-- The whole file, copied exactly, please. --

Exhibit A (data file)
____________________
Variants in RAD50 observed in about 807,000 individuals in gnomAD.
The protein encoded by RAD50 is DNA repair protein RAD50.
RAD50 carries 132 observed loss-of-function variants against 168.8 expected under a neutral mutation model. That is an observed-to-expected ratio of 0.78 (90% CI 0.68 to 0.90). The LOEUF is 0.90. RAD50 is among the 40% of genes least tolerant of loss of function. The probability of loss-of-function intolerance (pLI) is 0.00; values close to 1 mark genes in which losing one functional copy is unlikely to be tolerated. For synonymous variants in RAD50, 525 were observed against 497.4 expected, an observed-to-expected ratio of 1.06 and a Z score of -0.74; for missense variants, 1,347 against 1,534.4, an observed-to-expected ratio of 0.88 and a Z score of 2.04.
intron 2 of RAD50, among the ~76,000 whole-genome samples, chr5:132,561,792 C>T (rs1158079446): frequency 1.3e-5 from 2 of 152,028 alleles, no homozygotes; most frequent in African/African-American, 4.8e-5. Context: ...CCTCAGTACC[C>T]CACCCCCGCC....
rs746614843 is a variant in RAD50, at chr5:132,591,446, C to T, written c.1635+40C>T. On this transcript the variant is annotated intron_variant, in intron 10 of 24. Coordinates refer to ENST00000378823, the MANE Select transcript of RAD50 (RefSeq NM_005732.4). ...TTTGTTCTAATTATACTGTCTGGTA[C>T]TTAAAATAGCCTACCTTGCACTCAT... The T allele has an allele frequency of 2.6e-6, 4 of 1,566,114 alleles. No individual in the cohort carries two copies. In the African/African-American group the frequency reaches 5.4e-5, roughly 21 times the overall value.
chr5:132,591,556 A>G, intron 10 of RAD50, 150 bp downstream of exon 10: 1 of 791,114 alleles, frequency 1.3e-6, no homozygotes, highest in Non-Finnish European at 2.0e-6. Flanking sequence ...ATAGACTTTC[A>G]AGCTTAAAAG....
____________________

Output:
Variants in RAD50 observed in about 807,000 individuals in gnomAD.
The protein encoded by RAD50 is DNA repair protein RAD50.
RAD50 carries 132 observed loss-of-function variants against 168.8 expected under a neutral mutation model. That is an observed-to-expected ratio of 0.78 (90% CI 0.68 to 0.90). The LOEUF is 0.90. RAD50 is among the 40% of genes least tolerant of loss of function. The probability of loss-of-function intolerance (pLI) is 0.00; values close to 1 mark genes in which losing one functional copy is unlikely to be tolerated. For synonymous variants in RAD50, 525 were observed against 497.4 expected, an observed-to-expected ratio of 1.06 and a Z score of -0.74; for missense variants, 1,347 against 1,534.4, an observed-to-expected ratio of 0.88 and a Z score of 2.04.
intron 2 of RAD50, among the ~76,000 whole-genome samples, chr5:132,561,792 C>T (rs1158079446): frequency 1.3e-5 from 2 of 152,028 alleles, no homozygotes; most frequent in African/African-American, 4.8e-5. Context: ...CCTCAGTACC[C>T]CACCCCCGCC....
rs746614843 is a variant in RAD50, at chr5:132,591,446, C to T, written c.1635+40C>T. On this transcript the variant is annotated intron_variant, in intron 10 of 24. Coordinates refer to ENST00000378823, the MANE Select transcript of RAD50 (RefSeq NM_005732.4). ...TTTGTTCTAATTATACTGTCTGGTA[C>T]TTAAAATAGCCTACCTTGCACTCAT... The T allele has an allele frequency of 2.6e-6, 4 of 1,566,114 alleles. No individual in the cohort carries two copies. In the African/African-American group the frequency reaches 5.4e-5, roughly 21 times the overall value.
chr5:132,591,556 A>G, intron 10 of RAD50, 150 bp downstream of exon 10: 1 of 791,114 alleles, frequency 1.3e-6, no homozygotes, highest in Non-Finnish European at 2.0e-6. Flanking sequence ...ATAGACTTTC[A>G]AGCTTAAAAG....